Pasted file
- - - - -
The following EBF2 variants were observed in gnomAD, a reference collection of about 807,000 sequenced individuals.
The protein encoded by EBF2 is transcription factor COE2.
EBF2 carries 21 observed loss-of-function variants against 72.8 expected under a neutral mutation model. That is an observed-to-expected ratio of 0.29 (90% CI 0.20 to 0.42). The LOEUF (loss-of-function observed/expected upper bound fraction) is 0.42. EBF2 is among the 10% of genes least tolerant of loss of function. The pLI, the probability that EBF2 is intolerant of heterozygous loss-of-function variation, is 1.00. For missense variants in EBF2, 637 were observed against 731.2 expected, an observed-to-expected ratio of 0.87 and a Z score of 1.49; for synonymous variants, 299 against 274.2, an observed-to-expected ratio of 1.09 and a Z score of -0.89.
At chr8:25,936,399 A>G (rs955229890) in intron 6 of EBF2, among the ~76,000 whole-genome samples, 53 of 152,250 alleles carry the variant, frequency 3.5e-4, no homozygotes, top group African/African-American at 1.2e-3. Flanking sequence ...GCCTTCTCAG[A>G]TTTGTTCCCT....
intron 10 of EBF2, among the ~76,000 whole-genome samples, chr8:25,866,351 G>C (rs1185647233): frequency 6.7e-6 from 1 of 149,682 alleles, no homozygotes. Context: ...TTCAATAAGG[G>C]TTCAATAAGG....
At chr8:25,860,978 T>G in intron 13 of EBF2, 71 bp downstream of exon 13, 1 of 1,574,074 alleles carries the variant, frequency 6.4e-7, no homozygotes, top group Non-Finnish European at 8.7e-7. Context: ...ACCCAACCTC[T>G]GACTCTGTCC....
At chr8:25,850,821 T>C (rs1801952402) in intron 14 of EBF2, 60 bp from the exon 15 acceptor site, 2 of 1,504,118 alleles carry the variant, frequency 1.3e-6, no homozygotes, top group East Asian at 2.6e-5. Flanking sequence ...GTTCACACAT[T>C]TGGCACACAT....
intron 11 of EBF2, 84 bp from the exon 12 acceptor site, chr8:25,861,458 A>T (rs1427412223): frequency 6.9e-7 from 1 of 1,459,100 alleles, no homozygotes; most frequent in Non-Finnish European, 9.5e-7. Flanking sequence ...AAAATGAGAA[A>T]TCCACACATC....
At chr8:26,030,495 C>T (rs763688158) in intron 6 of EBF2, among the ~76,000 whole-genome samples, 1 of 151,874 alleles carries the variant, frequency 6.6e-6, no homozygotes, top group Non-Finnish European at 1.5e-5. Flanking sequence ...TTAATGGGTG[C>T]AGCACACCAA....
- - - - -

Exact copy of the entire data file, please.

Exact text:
The following EBF2 variants were observed in gnomAD, a reference collection of about 807,000 sequenced individuals.
The protein encoded by EBF2 is transcription factor COE2.
EBF2 carries 21 observed loss-of-function variants against 72.8 expected under a neutral mutation model. That is an observed-to-expected ratio of 0.29 (90% CI 0.20 to 0.42). The LOEUF (loss-of-function observed/expected upper bound fraction) is 0.42. EBF2 is among the 10% of genes least tolerant of loss of function. The pLI, the probability that EBF2 is intolerant of heterozygous loss-of-function variation, is 1.00. For missense variants in EBF2, 637 were observed against 731.2 expected, an observed-to-expected ratio of 0.87 and a Z score of 1.49; for synonymous variants, 299 against 274.2, an observed-to-expected ratio of 1.09 and a Z score of -0.89.
At chr8:25,936,399 A>G (rs955229890) in intron 6 of EBF2, among the ~76,000 whole-genome samples, 53 of 152,250 alleles carry the variant, frequency 3.5e-4, no homozygotes, top group African/African-American at 1.2e-3. Flanking sequence ...GCCTTCTCAG[A>G]TTTGTTCCCT....
intron 10 of EBF2, among the ~76,000 whole-genome samples, chr8:25,866,351 G>C (rs1185647233): frequency 6.7e-6 from 1 of 149,682 alleles, no homozygotes. Context: ...TTCAATAAGG[G>C]TTCAATAAGG....
At chr8:25,860,978 T>G in intron 13 of EBF2, 71 bp downstream of exon 13, 1 of 1,574,074 alleles carries the variant, frequency 6.4e-7, no homozygotes, top group Non-Finnish European at 8.7e-7. Context: ...ACCCAACCTC[T>G]GACTCTGTCC....
At chr8:25,850,821 T>C (rs1801952402) in intron 14 of EBF2, 60 bp from the exon 15 acceptor site, 2 of 1,504,118 alleles carry the variant, frequency 1.3e-6, no homozygotes, top group East Asian at 2.6e-5. Flanking sequence ...GTTCACACAT[T>C]TGGCACACAT....
intron 11 of EBF2, 84 bp from the exon 12 acceptor site, chr8:25,861,458 A>T (rs1427412223): frequency 6.9e-7 from 1 of 1,459,100 alleles, no homozygotes; most frequent in Non-Finnish European, 9.5e-7. Flanking sequence ...AAAATGAGAA[A>T]TCCACACATC....
At chr8:26,030,495 C>T (rs763688158) in intron 6 of EBF2, among the ~76,000 whole-genome samples, 1 of 151,874 alleles carries the variant, frequency 6.6e-6, no homozygotes, top group Non-Finnish European at 1.5e-5. Flanking sequence ...TTAATGGGTG[C>T]AGCACACCAA....